Two large data sets of patients (set A: n = 100,000; set B: n = 700,000) are being compared with respect to their hospital length-of-stay (LOS). The variable LOS is reported as an integer in the data warehouse, typically between 2 and 7, so tens of thousands of patients in each group will have the same value for LOS. Does group A have a different LOS from group B? The variances of the LOS of the two groups are very different from one another; both have a skewed distribution.
In the medical literature one typically sees a Wilcoxon-Mann-Whitney test being used in comparing the LOS of the two groups and reports it as a test of the difference between medians. Usually due to unequal variance and sample size, such an approach does not conform to the so-called "pure shift model."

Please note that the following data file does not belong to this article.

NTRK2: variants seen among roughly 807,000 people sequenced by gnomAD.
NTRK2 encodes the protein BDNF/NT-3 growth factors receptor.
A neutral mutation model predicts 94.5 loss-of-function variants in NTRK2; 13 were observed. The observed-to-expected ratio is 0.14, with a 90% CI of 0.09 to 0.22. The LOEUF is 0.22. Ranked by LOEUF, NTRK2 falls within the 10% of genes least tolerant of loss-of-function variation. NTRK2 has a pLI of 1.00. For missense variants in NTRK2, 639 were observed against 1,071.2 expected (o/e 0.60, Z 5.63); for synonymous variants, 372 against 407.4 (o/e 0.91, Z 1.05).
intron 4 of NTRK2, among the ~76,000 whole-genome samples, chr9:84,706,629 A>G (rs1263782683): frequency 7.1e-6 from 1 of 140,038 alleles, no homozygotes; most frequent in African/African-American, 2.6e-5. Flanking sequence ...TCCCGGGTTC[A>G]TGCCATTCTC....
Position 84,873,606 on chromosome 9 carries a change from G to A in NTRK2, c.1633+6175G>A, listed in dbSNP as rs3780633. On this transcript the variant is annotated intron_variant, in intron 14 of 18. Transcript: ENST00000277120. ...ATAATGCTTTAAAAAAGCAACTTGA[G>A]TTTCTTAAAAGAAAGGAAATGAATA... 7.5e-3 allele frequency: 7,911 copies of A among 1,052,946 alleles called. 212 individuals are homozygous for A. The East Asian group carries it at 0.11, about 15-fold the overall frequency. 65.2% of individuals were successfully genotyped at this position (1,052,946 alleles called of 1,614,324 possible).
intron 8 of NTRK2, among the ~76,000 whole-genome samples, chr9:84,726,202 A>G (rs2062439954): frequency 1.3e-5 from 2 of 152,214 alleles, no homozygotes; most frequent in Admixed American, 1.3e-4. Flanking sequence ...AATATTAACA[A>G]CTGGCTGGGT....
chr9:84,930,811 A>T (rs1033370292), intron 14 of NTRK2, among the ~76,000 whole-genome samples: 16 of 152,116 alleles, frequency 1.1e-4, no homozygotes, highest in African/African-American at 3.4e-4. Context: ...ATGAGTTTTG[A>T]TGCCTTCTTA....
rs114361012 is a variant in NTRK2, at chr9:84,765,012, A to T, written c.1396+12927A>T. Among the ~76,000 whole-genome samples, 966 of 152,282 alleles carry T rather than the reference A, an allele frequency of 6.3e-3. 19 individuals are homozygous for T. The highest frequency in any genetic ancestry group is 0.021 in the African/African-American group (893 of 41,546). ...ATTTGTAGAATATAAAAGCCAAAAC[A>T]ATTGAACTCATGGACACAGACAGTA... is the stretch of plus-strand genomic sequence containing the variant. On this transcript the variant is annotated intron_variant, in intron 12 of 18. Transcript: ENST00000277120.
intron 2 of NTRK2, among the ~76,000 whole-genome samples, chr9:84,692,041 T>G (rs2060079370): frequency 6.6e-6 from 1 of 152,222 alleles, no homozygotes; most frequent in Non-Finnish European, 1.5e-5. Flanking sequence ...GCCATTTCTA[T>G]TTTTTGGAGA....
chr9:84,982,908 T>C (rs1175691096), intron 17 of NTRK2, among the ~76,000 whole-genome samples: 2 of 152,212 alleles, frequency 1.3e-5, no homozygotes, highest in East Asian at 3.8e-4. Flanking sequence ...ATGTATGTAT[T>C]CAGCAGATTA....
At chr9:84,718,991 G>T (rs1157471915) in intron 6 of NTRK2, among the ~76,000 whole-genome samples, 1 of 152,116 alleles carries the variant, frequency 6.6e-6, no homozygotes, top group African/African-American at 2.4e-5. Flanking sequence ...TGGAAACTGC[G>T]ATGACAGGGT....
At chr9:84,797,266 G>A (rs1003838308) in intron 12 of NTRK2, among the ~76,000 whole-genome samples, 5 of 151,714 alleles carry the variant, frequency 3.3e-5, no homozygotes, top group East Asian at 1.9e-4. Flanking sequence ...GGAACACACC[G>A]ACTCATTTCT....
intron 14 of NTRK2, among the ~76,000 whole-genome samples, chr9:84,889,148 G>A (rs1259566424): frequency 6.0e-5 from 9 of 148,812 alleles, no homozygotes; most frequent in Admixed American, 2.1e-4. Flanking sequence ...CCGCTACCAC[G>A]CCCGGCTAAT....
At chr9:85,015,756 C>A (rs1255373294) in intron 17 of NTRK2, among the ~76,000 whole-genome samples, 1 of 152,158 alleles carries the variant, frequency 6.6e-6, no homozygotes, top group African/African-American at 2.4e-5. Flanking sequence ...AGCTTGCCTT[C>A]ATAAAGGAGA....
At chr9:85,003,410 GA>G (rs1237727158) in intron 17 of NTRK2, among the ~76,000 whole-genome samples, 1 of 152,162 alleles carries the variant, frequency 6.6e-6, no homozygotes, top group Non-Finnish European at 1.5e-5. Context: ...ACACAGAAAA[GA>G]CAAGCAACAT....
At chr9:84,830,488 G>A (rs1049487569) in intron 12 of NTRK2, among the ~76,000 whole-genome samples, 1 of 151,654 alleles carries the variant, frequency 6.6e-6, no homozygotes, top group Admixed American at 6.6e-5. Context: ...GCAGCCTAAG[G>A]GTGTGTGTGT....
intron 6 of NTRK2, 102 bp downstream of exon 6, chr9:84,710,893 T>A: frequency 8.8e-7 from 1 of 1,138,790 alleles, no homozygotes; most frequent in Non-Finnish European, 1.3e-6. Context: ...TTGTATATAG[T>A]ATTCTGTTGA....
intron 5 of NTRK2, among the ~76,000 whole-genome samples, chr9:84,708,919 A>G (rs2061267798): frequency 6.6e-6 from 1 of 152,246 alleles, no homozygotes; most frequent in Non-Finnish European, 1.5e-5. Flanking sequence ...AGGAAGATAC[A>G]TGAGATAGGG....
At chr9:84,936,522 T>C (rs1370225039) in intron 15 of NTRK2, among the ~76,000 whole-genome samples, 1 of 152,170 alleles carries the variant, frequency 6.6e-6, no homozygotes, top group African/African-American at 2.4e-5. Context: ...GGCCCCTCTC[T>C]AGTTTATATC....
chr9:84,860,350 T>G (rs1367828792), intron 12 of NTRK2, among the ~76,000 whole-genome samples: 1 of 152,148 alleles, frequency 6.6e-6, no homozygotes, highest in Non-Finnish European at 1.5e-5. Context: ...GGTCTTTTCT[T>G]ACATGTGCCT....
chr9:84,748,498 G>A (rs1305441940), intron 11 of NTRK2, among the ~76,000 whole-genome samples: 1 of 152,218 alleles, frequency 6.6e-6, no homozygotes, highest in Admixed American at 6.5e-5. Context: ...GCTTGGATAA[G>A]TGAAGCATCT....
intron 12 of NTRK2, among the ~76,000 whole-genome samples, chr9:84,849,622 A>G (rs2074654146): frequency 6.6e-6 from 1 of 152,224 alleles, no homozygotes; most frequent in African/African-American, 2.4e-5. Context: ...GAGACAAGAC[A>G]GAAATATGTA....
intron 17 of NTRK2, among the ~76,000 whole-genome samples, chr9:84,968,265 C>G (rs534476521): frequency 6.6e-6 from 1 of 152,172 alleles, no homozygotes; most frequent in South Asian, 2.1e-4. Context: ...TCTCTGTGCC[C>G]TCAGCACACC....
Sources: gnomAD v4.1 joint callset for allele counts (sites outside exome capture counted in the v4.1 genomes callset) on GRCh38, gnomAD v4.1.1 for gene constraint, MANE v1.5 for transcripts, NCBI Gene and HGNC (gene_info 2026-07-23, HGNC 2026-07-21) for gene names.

I want to avoid using this popular but flawed approach, but have two questions:
If I am using the W-M-W test as originally intended (testing the null hypothesis Prob(x < Y) = 0.5), will the unequal samples sizes (100,000 vs. 700,000) or the unequal variances invalidate the test result?
Is there a good test for comparing the median LOS of the two groups? It turns out that group A has a median LOS of 4 days while group B has a median LOS of 5 days, so a priori, given the large sample sizes, one might expect the two groups to significantly differ in their median LOS.